Michael Shenker, squatter, activist, is dead at age 54


By Lincoln Anderson

The embodiment of DIY, Michael Shenker — a central figure in the East Village squatter and activist scene — could fix up a burned-out tenement building and rewire the whole place for electricity.

Sadly, though, he couldn’t repair his own failing body.

On Saturday morning, he died at Beth Israel Hospital at age 54. As a result of hepatitis C, he had endured liver problems. About six months ago, doctors diagnosed him with liver cancer. The disease progressed quickly. According to friend Frank Morales, a fellow longtime squatter and activist, Shenker was unable — possibly ineligible because of his medical condition — to get a liver transplant.

Activist Rob Jereski was at Shenker’s side, holding his hand, when he died. Shenker’s last words were to say he felt tired and wanted to rest. He died peacefully. Jereski tried to run against Congressmember Carolyn Maloney in the Democratic primary a few years ago but was kept off the ballot after she successfully challenged his petitions. More recently, he had been working as an electrician with Shenker, who was a self-taught, master electrician.

Shenker had been bedridden at his E. Seventh St. home for about a month, but tried to stay out of the hospital as long as he could. Friends cooked for him, and brought DVD’s with film noir and gangster movies for him to watch. The day before he died, however, he was in obvious pain, dehydrated and writhing. At Beth Israel he was rehydrated with an IV and was comfortable for his final 24 hours, according to friends.

Morales said, in a last-ditch effort to save him, friends had tried to get Shenker to do a “liver cleanse” by eating only raw food and seaweed. But Shenker, who was a very good cook, wasn’t having it.

“He loved his sauces,” Morales said. “And he always said, ‘Quality over quantity.’ He wasn’t about to eat seaweed the last month of his life.”

A suburban kid from the Great Neck area of Long Island, Shenker came to live in the East Village in 1970, when he was just 15. His mother, a model, had been the Ipana toothpaste lady in TV commercials, which sometimes featured cameos by Shenker and his brother. But things at home weren’t going well, and Shenker decided he had to get out.

The bohemian East Village, with its flourishing music scene at the Fillmore East, naturally drew Shenker, an aspiring musician. (He would later go on to compose a “Squatter Opera,” excerpts of which were performed at Theater for the New City in the 1990’s; and he also performed internationally as a pianist with the Living Theatre.)

When Shenker first arrived in the East Village, he was homeless and ran with a rough crowd. For a while he lived in a storefront space, but lost it after a fire. Meanwhile, neighborhood rents kept rising, making it increasingly hard to find affordable housing.

In a 2008 interview with The Villager, Shenker recalled how he first learned of squatting. He had been sitting in Life Cafe, at 10th St. and Avenue B, when, he said, “This weird girl Natasha I used to play chess with looked over at me and said, ‘Mike, have you ever heard of squatting?’”

In 1984, Shenker moved into his first squat, 319 E. Eighth St., then, in 1987, switched to 209 E. Seventh St., another building squatters were restoring. A fire had gutted the tenement’s front half, leaving it an empty shell. It was a major rebuilding job. Today the only thing that distinguishes the building from its neighbors is a funky front-door lintel made from bottles that emits a colorful glow at night.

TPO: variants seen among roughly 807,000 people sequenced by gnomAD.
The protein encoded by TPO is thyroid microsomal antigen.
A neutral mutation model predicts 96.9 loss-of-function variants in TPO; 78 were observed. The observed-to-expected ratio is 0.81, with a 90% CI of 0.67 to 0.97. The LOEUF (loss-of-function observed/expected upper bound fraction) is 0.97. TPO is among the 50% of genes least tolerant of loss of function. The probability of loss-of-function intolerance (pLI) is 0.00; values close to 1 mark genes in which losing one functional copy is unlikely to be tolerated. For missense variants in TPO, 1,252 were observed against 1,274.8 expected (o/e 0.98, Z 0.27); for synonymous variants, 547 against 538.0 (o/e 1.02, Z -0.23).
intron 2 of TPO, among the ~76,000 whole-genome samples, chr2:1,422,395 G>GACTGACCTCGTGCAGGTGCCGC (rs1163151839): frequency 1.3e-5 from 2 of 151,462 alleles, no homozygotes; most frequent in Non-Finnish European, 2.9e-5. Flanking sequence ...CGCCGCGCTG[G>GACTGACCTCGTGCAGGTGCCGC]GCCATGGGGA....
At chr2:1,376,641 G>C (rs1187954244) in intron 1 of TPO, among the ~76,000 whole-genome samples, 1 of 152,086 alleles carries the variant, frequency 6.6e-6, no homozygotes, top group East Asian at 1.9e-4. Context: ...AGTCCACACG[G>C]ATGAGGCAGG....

After forcibly evicting many of the East Village squatters in the 1990s, City Hall, in 2002, took a radically new approach: Eleven of the 12 remaining East Village squats were sold for $1 apiece to the nonprofit Urban Homesteading Assistance Board. Under the agreement, the squatters, with UHAB’s guidance, would bring their buildings up to code within one year, then buy them — for just $250 per apartment — and the buildings would become permanently affordable, Housing Development Fund Corporation, or H.D.F.C., co-ops.

Shenker played a key role in the early negotiations that set the stage for the squatters’ historic deal with the city, which made international headlines when the story broke.

Spoke out against cap

Shenker, however, was subsequently one of the leading critics of the process with UHAB, charging that the required renovations took too long and that the squatters — now redubbed “homesteaders” — were being saddled with crushing debt on construction loans. In fact, many of the squatters were unhappy about the process. Shenker, though, was also the loudest voice for the homesteaders being allowed to sell their units for market-rate prices, as opposed to having the sale price capped, which was the original deal with the city.

It was a controversial position for Shenker to take, and not all agreed with him. But he said being allowed to sell his apartment for only around $150,000 was unfair, given the sheer amount of sweat equity — as well as cash — he had put into it. On the market, he said, the apartment in the now-gentrified East Village could fetch $800,000.

“We poured all that concrete, put in the stairs, the landings,” Shenker told The Villager two years ago. “Put in floors, plumbing, electric. … I moved into a building without heat, hot water, no windows, no floors, no roof. I have put over $150,000 of cash into my apartment. There’s no way I could be compensated financially for the work I put into this building — as well as empowering people on issues of housing. Landlords had completely abandoned the neighborhood. We’ve homesteaded — we’ve created equity for ourselves.”

When, nearly 20 years later, he was finally done with all the work on his apartment, it was immaculately furnished, boasting a sunken living room, moldings and expert tiling — which he, of course, did himself — in his kitchen and bathroom.

In his living room, above the mantle, was a backlit, stained-glass window set into the wall. Shenker told The Villager he had bought it on the street for $20. But East Village activist John Penley later said he knew, for a fact, that it was from the old Church of All Nations building, at Houston St. and Second Ave., which was razed for new housing by AvalonBay as part of the Cooper Square Urban Renewal Project. Told of the stained-glass window, Chris Flash, publisher of THE SHADOW, recalled that Shenker had squatted in the Church of All Nations building — which was occupied by a group called CUANDO — for a period.

Left unit to a squatter

Ultimately, though, Shenker didn’t have the energy to keep pushing for market-rate resale prices for the homesteaders in the face of his declining health, which became his overriding concern. Morales said Shenker arranged for his apartment to be left to Deb Lee, “one of the original squatter chicks,” as Morales put it, who is living in the Midwest but remained in touch with Shenker.